According to Linux advocates, Linux is among the most versatile, stable, and securable operating systems ever developed. But according to its detractors, Linux is neither as reliable nor as trustworthy as other Unix variants. BSD proponents, for example, sometimes charge that Linux's code base is too convoluted to ever be as "tight" as OpenBSD or even FreeBSD.
1 don't presume to know in any definitive way whether Linux is more or less securable than other Unix variants. What I do know is that Linux is useful, stable, and securable enough to warrant the time and effort required to "harden" it against Internet threats. This article explains some of the reasons I believe it's both possible and worthwhile to secure Linux for use as an Internet server platform.
Why Run Linux?
Let's begin with the question of why you would want to choose Linux as an Internet server platform in the first place. The following four points come up in many different contexts besides security.
Linux is a popular platform with developers. Virtually any type of Internet service you wish to run, be it HTTP, FTP, IRC, or the latest thing you've read about on can be run on Linux. For example, the most popular Web server application on the Interact is Apache, a free product commonly run on Linux systems (see www.netcraft.com/survey and apacheorg). Increasingly, popular commercial software packages are being ported to and supported on Linux as well.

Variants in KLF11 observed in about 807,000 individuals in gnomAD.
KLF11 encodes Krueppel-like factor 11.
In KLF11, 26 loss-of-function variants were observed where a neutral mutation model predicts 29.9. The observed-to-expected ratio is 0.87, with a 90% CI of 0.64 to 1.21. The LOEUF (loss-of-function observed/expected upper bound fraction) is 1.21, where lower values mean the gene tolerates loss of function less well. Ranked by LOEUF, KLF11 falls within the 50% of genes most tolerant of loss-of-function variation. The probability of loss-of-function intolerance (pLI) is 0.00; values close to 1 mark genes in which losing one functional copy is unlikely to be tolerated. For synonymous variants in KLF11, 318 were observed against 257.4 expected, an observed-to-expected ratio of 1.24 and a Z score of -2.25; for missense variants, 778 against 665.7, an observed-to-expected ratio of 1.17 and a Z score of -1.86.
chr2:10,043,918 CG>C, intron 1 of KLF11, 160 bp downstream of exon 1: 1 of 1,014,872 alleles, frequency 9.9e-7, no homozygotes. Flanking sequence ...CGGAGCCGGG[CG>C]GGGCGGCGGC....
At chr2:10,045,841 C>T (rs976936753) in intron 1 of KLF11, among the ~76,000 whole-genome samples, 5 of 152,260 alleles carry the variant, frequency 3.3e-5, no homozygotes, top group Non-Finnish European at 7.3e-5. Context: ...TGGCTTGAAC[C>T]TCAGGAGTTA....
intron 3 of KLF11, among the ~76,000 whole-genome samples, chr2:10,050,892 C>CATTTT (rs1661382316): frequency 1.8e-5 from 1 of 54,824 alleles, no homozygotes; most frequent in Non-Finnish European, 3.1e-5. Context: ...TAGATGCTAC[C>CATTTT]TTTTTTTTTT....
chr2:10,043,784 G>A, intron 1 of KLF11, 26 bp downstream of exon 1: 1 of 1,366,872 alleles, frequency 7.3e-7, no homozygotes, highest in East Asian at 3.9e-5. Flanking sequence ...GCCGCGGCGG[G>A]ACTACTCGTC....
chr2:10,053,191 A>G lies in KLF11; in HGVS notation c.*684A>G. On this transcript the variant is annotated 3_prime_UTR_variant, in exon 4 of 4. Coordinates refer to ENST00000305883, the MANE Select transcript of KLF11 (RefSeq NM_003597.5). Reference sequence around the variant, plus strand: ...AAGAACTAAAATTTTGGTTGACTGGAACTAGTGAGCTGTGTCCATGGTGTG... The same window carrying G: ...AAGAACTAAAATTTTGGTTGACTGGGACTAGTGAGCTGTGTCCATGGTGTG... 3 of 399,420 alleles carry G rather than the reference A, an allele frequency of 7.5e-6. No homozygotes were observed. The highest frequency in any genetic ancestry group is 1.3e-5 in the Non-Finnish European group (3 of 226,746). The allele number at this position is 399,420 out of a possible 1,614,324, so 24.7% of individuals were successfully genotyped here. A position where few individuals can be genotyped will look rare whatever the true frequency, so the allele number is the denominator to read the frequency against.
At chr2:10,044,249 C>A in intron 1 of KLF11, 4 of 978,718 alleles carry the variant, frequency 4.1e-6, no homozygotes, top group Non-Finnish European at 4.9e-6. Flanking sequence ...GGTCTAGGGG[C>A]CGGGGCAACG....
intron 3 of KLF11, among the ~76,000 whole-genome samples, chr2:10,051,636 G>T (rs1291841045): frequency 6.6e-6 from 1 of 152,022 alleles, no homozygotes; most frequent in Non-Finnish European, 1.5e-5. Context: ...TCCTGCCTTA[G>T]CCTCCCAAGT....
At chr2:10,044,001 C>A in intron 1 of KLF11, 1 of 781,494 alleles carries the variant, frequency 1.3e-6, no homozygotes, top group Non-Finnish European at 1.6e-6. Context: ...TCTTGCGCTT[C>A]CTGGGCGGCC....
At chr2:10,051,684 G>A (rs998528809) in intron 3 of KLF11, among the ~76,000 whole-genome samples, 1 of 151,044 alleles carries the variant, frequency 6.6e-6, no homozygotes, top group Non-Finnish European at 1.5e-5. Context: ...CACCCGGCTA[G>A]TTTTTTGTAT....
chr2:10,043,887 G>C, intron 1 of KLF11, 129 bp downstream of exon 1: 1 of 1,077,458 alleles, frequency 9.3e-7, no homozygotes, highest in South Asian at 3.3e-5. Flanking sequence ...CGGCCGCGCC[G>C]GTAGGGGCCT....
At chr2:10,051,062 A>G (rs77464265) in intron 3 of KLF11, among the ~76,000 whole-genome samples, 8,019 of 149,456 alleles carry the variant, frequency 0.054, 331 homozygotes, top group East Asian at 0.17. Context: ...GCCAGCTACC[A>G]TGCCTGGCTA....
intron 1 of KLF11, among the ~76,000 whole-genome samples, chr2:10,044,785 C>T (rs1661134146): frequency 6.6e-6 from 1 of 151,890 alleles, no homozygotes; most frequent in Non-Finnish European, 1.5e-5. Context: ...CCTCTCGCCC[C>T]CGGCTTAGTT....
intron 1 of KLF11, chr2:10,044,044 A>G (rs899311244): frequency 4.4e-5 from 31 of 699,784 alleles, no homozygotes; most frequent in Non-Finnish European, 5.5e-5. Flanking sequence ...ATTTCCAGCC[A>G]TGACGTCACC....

The Linux Community
Linux is developed, supported, and used by a large, global community. Free technical support is available on free, online message boards and mailing lists. Commercial technical support is also available from Linux distributors such as Red Hat and SuSE, as well as from various consulting firms.
The Linux kernel has been developed with stability as a key design goal, which means that problems with other software applications rarely, if ever, crash the entire system. There is no Linux equivalent of the "Blue Screen of Death." Application stability itself varies from package to package, but the packages included in mainstream Linux distributions are nearly always stable.
Linux runs on a wide range of hardware platforms, from commodity PCs to RISC systems, as well as on desktops, laptops, and server configurations and components. You can even build Linux clusters, using free software such as Beowulf or ClusterIT (for more information, see the Linux...